Mount Sinabung volcano spews lava and ash during an eruption seen from Tiga Pancur village in Karo.
Photograph: Antara Foto/Reuters
Mount Sinabung is a Pleistocene-to-Holocene stratovolcano of andesite and dacite in the Karo plateau of Karo Regency, North Sumatra, Indonesia, 25 miles from the Lake Toba supervolcano.
Many old lava flows are on its flanks and the last known eruption, before recent times, occurred in the year 1600.
Solfataric activities were last observed at the summit in 1912; recent documented events include an eruption in the early hours of 29 August 2010 and eruptions in September and November 2013, January, February and October 2014.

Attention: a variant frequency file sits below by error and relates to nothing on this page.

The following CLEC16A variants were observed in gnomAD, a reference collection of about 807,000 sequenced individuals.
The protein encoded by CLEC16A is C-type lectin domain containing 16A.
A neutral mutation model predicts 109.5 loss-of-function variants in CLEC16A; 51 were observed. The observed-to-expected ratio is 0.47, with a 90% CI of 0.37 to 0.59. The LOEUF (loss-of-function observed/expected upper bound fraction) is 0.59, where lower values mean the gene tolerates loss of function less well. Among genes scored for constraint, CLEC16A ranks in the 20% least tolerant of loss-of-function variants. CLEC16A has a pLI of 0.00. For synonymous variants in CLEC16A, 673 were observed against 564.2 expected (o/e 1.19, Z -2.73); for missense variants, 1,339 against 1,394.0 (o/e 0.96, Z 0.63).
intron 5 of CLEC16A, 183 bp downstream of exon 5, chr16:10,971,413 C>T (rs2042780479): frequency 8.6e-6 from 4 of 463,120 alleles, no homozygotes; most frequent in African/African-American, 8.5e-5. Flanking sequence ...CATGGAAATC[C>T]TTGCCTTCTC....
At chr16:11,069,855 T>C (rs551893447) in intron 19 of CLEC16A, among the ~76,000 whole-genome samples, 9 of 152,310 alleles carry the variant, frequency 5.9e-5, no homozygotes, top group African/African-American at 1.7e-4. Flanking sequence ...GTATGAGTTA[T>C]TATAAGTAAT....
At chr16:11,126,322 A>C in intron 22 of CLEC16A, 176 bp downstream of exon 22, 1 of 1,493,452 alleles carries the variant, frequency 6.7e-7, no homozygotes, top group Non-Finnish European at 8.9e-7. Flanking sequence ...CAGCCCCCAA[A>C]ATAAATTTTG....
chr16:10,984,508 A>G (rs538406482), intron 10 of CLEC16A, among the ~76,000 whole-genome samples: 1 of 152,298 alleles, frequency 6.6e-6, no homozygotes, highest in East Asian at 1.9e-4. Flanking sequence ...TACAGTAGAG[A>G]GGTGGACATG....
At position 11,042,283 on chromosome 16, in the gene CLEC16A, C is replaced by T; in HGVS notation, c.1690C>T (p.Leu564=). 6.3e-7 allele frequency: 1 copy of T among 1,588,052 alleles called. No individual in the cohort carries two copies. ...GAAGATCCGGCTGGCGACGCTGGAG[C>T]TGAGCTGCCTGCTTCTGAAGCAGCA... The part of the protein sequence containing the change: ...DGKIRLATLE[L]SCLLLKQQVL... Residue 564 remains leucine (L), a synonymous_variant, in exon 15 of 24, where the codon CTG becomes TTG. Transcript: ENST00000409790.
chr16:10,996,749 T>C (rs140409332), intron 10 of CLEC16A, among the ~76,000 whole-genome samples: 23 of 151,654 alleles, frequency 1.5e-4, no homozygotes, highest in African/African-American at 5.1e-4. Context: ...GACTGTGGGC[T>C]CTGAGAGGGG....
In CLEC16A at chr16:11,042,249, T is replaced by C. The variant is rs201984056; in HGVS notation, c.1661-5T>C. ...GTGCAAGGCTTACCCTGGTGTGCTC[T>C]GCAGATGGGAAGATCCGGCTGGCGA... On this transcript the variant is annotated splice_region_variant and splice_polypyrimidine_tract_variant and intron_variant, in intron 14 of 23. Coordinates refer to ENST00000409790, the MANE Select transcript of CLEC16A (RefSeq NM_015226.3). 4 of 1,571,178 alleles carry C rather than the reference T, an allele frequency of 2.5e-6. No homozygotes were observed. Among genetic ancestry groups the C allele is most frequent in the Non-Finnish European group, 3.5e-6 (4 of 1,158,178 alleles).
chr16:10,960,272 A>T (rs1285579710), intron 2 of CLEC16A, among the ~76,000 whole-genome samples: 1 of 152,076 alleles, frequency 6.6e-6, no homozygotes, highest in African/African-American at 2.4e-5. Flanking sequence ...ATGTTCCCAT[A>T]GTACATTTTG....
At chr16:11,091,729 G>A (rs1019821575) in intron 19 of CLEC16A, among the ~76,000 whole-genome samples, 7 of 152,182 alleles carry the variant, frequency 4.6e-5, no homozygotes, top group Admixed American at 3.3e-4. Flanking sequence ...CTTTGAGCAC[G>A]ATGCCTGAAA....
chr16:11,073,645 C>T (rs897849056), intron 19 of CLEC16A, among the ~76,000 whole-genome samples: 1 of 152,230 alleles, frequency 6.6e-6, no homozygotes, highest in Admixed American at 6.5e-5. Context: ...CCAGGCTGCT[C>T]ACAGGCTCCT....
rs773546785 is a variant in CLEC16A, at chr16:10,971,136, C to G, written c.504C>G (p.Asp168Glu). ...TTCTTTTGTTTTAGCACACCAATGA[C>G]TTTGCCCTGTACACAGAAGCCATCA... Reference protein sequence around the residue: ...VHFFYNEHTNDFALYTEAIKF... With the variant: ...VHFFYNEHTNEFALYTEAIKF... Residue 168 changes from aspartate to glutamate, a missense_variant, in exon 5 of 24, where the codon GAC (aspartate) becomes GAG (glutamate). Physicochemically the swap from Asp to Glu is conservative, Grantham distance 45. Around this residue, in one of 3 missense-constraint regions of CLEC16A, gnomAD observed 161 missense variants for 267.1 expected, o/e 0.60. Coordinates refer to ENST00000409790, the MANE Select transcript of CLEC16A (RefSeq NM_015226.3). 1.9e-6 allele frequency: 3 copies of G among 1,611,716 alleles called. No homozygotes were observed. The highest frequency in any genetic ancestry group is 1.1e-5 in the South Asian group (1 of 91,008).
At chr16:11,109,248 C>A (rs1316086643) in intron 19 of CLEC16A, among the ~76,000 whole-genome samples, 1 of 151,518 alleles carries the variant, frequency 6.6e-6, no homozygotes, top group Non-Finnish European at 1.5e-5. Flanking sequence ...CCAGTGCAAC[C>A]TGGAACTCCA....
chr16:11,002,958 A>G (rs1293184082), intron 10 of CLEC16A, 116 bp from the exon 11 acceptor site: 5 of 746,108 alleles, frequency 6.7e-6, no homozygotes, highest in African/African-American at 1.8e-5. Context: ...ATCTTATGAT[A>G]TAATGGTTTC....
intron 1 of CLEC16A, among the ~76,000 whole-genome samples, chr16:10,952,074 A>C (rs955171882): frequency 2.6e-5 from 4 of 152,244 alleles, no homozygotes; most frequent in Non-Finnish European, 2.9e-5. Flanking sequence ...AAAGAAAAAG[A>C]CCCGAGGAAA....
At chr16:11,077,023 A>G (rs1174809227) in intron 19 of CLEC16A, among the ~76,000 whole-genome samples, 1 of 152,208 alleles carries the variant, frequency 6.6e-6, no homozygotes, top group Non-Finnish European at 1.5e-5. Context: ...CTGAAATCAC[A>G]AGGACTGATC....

Between 2013 and 2014 the alert for a major event was increased with no significant activity.
On 2 June 2015 the alert was again increased, and as of 26 June 2015 at least 10,000 people have been evacuated, fearing a major eruption.
The long eruption of Mount Sinabung is similar to Mount Unzen in Japan, which erupted for 5 years after lying dormant for 200 years.